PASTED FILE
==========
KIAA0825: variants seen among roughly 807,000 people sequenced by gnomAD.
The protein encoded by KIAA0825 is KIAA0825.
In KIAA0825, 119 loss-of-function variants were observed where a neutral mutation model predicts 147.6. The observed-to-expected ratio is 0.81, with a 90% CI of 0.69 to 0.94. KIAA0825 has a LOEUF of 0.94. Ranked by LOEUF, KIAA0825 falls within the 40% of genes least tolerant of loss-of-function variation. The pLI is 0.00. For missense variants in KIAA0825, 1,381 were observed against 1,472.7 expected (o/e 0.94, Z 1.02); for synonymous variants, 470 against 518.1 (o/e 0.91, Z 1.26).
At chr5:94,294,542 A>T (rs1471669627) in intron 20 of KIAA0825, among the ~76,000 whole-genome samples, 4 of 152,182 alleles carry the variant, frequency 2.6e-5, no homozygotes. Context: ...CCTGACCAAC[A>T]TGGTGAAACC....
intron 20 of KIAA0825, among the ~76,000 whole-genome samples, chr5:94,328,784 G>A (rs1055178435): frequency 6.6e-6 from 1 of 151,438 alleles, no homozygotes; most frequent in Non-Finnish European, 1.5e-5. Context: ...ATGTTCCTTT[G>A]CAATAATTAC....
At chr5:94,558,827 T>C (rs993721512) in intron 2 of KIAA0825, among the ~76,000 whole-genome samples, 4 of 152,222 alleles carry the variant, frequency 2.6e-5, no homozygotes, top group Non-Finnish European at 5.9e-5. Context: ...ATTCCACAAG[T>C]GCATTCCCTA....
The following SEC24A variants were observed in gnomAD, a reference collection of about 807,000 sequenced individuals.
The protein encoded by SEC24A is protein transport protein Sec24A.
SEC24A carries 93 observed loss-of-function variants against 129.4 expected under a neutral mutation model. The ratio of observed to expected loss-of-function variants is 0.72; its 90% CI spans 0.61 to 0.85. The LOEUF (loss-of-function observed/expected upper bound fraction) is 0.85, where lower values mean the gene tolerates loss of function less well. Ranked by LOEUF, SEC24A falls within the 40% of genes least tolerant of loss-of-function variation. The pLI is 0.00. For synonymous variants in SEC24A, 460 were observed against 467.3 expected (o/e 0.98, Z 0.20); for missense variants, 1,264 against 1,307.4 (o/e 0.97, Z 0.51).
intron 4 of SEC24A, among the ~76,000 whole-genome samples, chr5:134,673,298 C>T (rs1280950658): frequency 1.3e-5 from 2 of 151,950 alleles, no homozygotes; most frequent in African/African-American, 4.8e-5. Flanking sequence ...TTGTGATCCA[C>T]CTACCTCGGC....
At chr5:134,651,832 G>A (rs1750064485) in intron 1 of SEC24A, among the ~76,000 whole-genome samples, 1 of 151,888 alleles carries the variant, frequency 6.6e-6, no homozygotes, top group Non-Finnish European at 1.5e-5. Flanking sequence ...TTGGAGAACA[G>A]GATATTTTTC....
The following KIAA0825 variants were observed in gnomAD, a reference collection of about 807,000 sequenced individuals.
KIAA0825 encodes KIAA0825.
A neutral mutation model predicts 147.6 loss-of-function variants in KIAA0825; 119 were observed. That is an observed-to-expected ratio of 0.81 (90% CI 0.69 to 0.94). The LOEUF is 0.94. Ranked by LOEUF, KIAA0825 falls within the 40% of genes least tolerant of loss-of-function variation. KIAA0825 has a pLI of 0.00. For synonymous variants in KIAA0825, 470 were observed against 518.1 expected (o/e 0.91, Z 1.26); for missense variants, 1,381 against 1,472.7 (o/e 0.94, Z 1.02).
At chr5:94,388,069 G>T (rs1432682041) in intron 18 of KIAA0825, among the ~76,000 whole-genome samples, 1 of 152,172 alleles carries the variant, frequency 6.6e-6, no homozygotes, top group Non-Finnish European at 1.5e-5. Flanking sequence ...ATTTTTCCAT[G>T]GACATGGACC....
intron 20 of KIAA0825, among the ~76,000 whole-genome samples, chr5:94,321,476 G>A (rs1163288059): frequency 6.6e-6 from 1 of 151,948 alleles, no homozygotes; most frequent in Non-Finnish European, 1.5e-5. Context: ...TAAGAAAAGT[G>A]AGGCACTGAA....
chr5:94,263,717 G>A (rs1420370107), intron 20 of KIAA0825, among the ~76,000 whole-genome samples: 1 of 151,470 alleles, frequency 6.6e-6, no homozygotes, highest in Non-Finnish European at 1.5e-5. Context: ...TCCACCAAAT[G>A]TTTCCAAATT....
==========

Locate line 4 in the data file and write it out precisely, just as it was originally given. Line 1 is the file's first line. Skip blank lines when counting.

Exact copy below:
At chr5:94,294,542 A>T (rs1471669627) in intron 20 of KIAA0825, among the ~76,000 whole-genome samples, 4 of 152,182 alleles carry the variant, frequency 2.6e-5, no homozygotes. Context: ...CCTGACCAAC[A>T]TGGTGAAACC....